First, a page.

FLYING Magazine

“We have a problem, and we’re returning to the airport.”

These were the words of Richard McSpadden Jr., who was aboard the Cessna 177RG Cardinal belonging to former NFL tight end turned FBO owner Russ Francis. The pair launched from the airport in Lake Placid, New York, on October 1 for a photo flight for the Aircraft Owners and Pilots Association. McSpadden, the senior vice president of the AOPA Air Safety Institute, was a commercially rated pilot who had flown with the Air Force Thunderbirds.

Per protocol on these flights, Francis, as the owner of the airplane, would do the takeoff and landing, and Spad would take the controls for the air-to-air portion of the flight.

According to witnesses, the engine of the Cardinal surged during the takeoff and did not sound like it was making full power, yet the takeoff continued. The aircraft was in the air and out of usable runway when it turned and headed back to the airport. The runway is on top of a berm—the airplane came down in the ravine below its edge. Both men were alive and talking to rescuers, then moments later, they had passed away. The National Transportation Safety Board is still investigating the accident.

This hit me hard because I often talked with McSpadden about aircraft accidents and the importance of teaching and practicing the loss of thrust on takeoff. Although we still don’t know what caused the problem aboard the aircraft, there is a strong takeaway from this accident: if it could happen to Spad—Thunderbird Number One with all his training and experience—it could happen to any of us.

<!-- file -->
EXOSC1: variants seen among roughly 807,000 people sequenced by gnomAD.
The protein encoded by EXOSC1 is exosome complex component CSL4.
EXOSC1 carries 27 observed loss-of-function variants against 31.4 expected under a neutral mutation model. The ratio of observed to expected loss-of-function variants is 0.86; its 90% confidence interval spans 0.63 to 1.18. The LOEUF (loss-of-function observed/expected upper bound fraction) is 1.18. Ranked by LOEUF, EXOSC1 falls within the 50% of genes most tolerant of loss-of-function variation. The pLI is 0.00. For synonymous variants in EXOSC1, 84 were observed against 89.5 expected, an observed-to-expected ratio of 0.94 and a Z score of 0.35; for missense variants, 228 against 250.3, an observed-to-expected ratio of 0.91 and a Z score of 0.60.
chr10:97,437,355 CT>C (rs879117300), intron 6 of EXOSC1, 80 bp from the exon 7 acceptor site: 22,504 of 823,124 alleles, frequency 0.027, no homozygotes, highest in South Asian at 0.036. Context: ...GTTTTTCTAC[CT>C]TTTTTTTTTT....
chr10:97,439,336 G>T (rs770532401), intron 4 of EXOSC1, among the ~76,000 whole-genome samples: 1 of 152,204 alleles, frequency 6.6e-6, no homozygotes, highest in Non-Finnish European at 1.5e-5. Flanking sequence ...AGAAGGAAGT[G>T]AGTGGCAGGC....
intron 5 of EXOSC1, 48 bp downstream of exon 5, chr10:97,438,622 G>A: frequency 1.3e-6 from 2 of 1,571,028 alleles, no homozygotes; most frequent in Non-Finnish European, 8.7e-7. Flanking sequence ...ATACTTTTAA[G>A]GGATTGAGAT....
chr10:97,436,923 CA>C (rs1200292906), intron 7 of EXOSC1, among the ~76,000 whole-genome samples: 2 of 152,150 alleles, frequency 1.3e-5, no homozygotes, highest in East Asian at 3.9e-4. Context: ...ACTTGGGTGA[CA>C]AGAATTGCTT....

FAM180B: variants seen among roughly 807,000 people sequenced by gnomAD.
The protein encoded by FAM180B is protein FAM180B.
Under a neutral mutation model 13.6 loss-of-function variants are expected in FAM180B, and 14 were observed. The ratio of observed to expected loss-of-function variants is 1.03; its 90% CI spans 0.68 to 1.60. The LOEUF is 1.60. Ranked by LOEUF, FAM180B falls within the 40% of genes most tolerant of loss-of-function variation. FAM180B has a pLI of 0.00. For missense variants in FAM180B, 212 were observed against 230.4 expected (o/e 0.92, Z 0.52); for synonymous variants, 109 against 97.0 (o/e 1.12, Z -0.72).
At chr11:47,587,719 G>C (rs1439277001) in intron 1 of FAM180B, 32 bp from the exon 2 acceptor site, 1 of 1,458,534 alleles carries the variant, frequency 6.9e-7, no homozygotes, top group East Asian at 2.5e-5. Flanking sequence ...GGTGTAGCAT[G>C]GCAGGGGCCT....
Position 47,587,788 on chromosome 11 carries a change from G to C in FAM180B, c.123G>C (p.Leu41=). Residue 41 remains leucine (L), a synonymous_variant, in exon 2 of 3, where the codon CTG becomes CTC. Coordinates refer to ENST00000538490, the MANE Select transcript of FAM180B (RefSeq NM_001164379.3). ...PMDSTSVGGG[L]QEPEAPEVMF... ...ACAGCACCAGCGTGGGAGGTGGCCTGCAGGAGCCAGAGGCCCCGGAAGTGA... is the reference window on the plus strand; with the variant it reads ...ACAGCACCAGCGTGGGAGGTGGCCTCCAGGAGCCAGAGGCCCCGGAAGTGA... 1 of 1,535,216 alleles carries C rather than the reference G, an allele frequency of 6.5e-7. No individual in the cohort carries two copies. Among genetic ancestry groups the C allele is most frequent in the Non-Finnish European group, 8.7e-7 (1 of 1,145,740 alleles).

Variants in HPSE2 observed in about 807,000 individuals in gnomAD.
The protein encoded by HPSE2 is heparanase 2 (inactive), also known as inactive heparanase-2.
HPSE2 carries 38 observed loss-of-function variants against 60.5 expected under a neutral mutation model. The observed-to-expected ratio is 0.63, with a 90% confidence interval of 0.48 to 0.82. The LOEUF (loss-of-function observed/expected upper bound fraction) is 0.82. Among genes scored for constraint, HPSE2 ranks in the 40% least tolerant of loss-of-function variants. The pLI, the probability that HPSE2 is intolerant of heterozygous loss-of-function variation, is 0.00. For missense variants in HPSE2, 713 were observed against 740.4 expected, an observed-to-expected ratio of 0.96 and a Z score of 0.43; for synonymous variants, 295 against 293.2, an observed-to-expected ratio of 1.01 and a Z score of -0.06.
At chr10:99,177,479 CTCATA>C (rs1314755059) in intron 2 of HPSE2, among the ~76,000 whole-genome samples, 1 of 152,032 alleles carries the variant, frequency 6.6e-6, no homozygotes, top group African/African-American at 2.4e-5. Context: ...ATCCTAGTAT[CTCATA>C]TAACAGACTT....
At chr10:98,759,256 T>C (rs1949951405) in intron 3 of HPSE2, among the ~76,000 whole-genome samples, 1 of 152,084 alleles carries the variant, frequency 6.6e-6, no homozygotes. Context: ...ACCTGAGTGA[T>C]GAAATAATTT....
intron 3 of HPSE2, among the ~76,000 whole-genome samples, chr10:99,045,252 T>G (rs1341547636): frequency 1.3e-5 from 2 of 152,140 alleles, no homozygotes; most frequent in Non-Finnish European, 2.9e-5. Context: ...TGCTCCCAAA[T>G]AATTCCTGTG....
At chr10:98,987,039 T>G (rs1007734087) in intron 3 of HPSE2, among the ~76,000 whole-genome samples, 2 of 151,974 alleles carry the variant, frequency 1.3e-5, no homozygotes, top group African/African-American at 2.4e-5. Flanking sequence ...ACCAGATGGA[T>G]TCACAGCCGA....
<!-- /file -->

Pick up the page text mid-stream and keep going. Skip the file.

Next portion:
Briefing for LOTOTO

I have written far too many stories about fatal accidents that were attributed to an uncommanded loss of engine power. Often the accident happens because the pilot fails to maintain the appropriate speed as indicated on the aircraft’s emergency checklist—or worse yet, pulls back on the stick or yoke trying to stretch the glide, resulting in a stall-spin-die scenario.

A variation of this is when the pilot, trying to return to the runway, puts the aircraft into a steep bank resulting in a loss of vertical lift and a knife-edge impact in the ground.

While the procedure for engine loss at altitude is taught as an emergency usually before first solo, many pilots are not taught to brief the takeoff. That means a review of rotation speed, calling airspeed alive, and procedures if there is a loss of power on takeoff, until they begin their multi-engine training. This is a disservice to the aviation community.

Granted, in a twin, the loss of engine power on one side is dramatic in a different way, as it results in asymmetrical thrust, and the nose yaws and toward the dead engine. If the aircraft has lifted off, the asymmetrical thrust results in an uncommanded and often unrecoverable roll toward the sick engine resulting in a crash. Unless you bring the power on both engines back immediately and pitch for the appropriate V speed, you probably won’t live to tell the story.

In a single engine aircraft, a loss of engine power isn’t necessarily going to be fatal—as long as the pilot takes prompt and corrective action to maintain airspeed and has someplace to put it down.

Know the Speed You Need

There have been fledgling pilots who ask with some trepidation if a loss of engine power during takeoff is common. The answer is no, but knowing what to do if it does happen is like knowing how to put out a grease fire in your kitchen—you do not have time to experiment and an improper procedure like using water on the fire—or pulling back on the yoke or stick—can make a bad situation worse.

In the aircraft, you need to know what airspeed to pitch for. This is critical.

This speed will vary by make, model, and configuration. This information comes from the pilot’s operating handbook or aircraft flight manual and may even be placarded in the aircraft.